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Irish writer Nuala O'Faolain dies at 68

Nuala O'Faolain, the Irish journalist and author of the frank memoir Are You Somebody, has died. She was 68.

Nuala O'Faolain, the Irish journalist and author of the frank memoir Are You Somebody, has died. She was 68.

O'Faolain revealed on Ireland's public broadcaster just weeks ago that she had cancer. She was initially diagnosed with lung cancer, but it spread to her brain and liver.

She died Friday morning at a hospice in Dublin, her family said.

Are You Somebody: The Accidental Memoir of a Dublin Woman earned O'Faolain "entry into an exclusive club: the official (and mostly male) chroniclers of Irish pain and rebirth, from James Joyce to Frank McCourt," The New York Times said of her memoir.

In the book, O'Faolain chronicles her upbringing, one of nine children born to an alcoholic mother and philandering father, himself a newspaper columnist.

Are You Somebody was considered both unusually frank and scandalous, because it told of her own struggles with alcohol and revealed her long lesbian affair with Northern Irish civil rights activist Nell McCafferty.

She also revealed personal doubts associated with being a middle-aged, childless woman, working in a male-dominated profession.

O'Faolain already had a following from her opinion columns in the Irish Times. An ardent feminist, she often used the column to castigate Irish attitudes on the role of women, including women activists in the peace movement.

She tackled many feminist and social themes, including domestic violence, Irish homophobia, the grip of Catholicism and the country's high birth rate.

She also had a gift for humour and captured the stories of individuals in everyday situations in a way that made them interesting.

With her memoir, O'Faolain smashed the acceptance she had received from fellow, mainly male political journalists, questioning what she called her "fake objective" approach to journalism.

She revealed numerous affairs with men as well as a 15-year relationship with McCafferty.

The book, written when she was 60, had an initial print run of 1,500 but went on to be an international best-seller.

O'Faolain wrote a follow-up memoir, Almost There, in 2003, the novel My Dream of You in 2001 and the biography The Story of Chicago May in 2005. She won France's Prix Femina in 2006.

Born March 1, 1940 in Dublin, she was educated at University College Dublin, University of Hull and Oxford University.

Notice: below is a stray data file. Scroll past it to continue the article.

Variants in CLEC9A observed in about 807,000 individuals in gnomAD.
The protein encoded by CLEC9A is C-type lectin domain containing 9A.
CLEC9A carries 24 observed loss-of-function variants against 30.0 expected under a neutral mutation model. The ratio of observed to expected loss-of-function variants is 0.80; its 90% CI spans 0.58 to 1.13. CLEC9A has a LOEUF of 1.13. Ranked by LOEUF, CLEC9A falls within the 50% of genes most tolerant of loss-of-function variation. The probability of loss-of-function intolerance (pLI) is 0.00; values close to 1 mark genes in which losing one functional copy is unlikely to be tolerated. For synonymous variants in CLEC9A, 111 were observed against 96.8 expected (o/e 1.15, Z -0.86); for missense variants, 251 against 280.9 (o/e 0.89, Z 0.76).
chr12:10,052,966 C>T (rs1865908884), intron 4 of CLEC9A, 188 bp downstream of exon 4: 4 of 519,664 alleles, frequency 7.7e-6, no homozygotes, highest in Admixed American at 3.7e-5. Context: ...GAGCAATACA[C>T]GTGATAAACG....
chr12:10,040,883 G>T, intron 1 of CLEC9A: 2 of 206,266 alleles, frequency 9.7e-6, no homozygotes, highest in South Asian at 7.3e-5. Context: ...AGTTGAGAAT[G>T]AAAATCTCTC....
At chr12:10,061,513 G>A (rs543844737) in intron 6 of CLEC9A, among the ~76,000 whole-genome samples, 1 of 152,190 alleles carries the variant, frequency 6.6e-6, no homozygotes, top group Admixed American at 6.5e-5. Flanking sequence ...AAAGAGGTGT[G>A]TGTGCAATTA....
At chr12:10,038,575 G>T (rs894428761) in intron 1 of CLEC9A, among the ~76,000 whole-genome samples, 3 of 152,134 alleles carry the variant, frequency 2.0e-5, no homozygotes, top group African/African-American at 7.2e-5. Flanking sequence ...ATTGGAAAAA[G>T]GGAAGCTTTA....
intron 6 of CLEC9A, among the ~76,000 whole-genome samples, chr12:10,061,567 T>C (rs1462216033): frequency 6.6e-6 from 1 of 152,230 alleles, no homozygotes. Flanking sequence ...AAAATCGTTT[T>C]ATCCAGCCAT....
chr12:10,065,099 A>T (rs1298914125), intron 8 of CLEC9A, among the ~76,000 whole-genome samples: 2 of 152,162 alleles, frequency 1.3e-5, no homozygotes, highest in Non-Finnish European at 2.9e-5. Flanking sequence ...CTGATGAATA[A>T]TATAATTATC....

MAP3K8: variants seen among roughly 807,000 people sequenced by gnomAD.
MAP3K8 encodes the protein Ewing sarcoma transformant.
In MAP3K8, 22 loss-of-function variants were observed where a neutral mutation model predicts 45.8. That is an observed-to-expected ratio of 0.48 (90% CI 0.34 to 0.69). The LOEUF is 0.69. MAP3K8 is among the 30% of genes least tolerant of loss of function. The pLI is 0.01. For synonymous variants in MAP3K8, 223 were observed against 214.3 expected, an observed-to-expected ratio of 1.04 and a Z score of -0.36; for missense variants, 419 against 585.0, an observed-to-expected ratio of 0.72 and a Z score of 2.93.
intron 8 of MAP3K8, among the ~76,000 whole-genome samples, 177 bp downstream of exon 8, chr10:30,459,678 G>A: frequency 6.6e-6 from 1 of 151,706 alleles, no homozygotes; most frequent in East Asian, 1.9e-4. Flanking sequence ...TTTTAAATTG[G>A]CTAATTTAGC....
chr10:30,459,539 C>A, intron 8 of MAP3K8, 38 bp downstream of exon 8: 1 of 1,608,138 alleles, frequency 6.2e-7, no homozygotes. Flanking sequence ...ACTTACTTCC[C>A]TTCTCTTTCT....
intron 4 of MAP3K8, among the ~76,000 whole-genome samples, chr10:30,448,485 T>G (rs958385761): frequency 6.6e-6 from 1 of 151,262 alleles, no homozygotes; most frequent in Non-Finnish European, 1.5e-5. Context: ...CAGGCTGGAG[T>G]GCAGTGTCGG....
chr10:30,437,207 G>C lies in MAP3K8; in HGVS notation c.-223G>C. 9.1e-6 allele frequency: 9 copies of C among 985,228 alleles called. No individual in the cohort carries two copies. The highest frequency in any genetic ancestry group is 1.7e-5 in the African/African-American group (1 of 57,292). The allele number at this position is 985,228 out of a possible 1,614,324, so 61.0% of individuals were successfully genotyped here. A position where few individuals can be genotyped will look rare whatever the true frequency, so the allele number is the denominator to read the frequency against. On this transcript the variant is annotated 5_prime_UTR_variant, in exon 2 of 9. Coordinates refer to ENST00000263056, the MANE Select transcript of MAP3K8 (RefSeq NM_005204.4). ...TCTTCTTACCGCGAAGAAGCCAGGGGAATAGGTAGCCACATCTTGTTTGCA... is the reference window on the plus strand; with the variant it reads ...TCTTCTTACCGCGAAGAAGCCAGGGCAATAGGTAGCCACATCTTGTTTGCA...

She taught at Morley College and worked as a producer with the BBC and Radio Telefis Eireanne.

Among her eight siblings, she was consider the one who "got away" because of her ambition and high-profile career. She was estranged from some of her siblings and lost one to alcohol but close to two of her sisters.

After Are You Somebody became a sensation, she went back to writing regularly for the Irish Times but spent more time in New York and was writing about the presidential campaign when she became ill.

She revealed her cancer in an April 13 interview with RTE journalist and friend Marian Finucane that inspired a national discussion about how Ireland cares for its terminally ill.

She described her personal desolation, saying she would like to rush her dying because she no longer gets enjoyment from life.

"Beauty means nothing to me anymore. I tried to read [Marcel] Proust again recently, but it has gone — the magic has gone. It amazed me how quickly my life turned black," she said.

The interview also shocked Irish listeners because O'Faolain admitted she does not believe in heaven or an afterlife.

O'Faolain said she was consoled only by the knowledge that so many other people died in much more horrific circumstances.

"In my time, which is mostly the 20th century, people have died horribly in Auschwitz, in Darfur, or are dying of starvation or dying multiply raped in the Congo … horribly like that. I think how comfortably I am dying: I have friends and family; I am in this wonderful country; I have money," she said.

"There is nothing much wrong with me, except I am dying."

With files from the Associated Press

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